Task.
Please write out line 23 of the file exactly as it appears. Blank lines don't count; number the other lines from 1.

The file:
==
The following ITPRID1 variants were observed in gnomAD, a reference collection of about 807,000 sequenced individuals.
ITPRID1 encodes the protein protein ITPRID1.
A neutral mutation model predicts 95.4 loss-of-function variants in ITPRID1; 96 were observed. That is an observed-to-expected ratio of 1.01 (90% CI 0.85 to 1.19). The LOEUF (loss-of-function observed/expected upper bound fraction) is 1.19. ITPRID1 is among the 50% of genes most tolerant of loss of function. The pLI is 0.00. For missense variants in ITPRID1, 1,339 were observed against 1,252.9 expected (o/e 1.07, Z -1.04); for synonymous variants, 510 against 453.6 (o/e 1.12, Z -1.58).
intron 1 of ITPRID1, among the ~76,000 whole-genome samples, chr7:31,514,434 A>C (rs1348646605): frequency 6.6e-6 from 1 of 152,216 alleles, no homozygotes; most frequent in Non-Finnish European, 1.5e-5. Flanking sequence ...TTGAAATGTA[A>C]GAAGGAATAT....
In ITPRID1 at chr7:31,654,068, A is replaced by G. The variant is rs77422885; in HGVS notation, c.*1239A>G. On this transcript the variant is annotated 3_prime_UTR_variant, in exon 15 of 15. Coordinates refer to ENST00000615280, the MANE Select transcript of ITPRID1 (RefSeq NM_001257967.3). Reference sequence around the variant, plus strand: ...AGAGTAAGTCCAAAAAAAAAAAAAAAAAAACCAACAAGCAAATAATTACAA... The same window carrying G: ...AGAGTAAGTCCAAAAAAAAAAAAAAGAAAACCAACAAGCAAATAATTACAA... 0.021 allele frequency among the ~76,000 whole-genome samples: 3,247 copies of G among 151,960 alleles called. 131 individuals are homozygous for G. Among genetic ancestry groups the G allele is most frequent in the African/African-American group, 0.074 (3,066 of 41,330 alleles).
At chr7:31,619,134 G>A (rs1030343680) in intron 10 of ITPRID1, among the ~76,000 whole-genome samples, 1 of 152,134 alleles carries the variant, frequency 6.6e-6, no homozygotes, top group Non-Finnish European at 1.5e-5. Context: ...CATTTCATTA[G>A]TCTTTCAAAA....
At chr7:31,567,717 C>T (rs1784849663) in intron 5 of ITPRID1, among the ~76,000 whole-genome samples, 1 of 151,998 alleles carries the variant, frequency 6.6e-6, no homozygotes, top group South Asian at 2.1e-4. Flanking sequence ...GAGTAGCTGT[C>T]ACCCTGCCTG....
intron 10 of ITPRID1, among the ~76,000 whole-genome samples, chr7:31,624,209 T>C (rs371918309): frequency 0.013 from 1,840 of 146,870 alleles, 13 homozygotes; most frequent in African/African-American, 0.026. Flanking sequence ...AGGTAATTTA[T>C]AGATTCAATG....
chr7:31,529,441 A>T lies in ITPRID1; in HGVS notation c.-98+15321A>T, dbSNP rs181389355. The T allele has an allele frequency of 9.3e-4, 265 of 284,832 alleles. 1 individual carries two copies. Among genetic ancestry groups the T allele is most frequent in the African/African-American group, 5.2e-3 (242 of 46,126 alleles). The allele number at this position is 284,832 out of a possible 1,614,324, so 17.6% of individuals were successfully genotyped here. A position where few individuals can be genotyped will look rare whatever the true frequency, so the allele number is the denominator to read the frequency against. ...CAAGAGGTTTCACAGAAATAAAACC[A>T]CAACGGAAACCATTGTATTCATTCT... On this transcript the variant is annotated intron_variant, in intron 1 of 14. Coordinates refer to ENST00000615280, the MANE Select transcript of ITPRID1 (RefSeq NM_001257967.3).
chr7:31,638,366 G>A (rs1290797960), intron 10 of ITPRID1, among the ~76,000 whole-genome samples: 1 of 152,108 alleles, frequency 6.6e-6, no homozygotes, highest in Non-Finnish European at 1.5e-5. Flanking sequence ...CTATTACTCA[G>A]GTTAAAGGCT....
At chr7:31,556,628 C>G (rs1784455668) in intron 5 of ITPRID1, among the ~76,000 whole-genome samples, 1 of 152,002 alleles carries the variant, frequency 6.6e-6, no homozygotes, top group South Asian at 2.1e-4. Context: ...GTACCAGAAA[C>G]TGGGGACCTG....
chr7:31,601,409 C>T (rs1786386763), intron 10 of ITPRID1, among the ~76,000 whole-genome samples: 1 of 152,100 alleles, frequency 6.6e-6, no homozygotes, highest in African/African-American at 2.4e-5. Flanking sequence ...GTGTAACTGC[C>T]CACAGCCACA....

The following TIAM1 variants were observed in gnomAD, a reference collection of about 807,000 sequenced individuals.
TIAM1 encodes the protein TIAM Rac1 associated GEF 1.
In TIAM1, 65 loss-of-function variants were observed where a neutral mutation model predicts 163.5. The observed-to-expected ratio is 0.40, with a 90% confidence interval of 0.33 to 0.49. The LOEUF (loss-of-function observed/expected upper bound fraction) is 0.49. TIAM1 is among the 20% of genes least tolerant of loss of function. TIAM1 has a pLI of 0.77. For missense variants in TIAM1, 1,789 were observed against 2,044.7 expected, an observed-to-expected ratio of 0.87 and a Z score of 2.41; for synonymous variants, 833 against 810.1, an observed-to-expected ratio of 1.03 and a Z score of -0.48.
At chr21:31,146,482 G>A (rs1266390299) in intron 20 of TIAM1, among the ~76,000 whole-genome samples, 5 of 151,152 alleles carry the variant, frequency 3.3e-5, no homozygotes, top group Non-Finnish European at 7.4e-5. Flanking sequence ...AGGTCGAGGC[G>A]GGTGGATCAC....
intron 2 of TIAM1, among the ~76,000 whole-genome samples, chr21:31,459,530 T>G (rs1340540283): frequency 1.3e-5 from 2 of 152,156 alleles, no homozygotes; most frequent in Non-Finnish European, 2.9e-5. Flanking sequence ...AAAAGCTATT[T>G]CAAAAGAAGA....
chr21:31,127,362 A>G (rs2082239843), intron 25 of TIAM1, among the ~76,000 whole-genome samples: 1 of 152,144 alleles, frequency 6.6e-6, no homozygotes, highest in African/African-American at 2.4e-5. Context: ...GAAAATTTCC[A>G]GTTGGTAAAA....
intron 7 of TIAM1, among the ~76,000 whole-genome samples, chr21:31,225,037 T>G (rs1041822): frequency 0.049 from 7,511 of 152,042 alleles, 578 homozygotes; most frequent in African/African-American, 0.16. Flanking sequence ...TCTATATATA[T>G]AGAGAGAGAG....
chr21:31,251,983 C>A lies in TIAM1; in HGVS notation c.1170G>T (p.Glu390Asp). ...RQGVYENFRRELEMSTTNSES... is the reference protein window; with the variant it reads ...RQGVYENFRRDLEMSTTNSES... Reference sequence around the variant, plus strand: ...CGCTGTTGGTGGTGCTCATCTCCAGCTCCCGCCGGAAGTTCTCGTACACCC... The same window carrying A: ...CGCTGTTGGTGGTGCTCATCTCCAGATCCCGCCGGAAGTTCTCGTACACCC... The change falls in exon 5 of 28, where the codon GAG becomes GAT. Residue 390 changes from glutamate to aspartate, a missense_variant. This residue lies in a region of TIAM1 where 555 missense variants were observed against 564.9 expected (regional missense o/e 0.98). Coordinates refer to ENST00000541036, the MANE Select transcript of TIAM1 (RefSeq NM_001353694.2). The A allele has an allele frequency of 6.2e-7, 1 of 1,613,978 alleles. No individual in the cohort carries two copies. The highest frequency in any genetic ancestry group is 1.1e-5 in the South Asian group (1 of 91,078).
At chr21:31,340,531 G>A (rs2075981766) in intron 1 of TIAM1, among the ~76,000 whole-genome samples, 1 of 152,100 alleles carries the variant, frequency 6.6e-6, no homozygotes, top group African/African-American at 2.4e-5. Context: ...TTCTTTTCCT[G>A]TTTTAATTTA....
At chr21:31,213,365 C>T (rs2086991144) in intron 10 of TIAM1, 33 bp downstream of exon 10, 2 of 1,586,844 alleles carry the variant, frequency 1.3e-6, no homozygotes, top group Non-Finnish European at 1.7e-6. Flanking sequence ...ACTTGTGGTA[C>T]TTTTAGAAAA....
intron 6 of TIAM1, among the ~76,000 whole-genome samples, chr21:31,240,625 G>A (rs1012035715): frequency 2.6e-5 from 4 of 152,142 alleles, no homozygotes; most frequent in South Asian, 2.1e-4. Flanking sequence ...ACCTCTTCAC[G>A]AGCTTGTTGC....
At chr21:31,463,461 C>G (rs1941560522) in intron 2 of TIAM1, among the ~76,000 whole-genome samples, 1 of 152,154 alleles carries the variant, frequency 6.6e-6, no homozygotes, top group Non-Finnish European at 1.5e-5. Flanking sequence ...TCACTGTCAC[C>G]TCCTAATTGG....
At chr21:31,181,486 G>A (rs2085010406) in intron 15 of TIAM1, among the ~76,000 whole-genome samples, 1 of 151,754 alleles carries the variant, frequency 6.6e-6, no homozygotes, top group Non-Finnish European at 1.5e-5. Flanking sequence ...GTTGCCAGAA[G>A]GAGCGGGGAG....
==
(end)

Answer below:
intron 6 of TIAM1, among the ~76,000 whole-genome samples, chr21:31,240,625 G>A (rs1012035715): frequency 2.6e-5 from 4 of 152,142 alleles, no homozygotes; most frequent in South Asian, 2.1e-4. Flanking sequence ...ACCTCTTCAC[G>A]AGCTTGTTGC....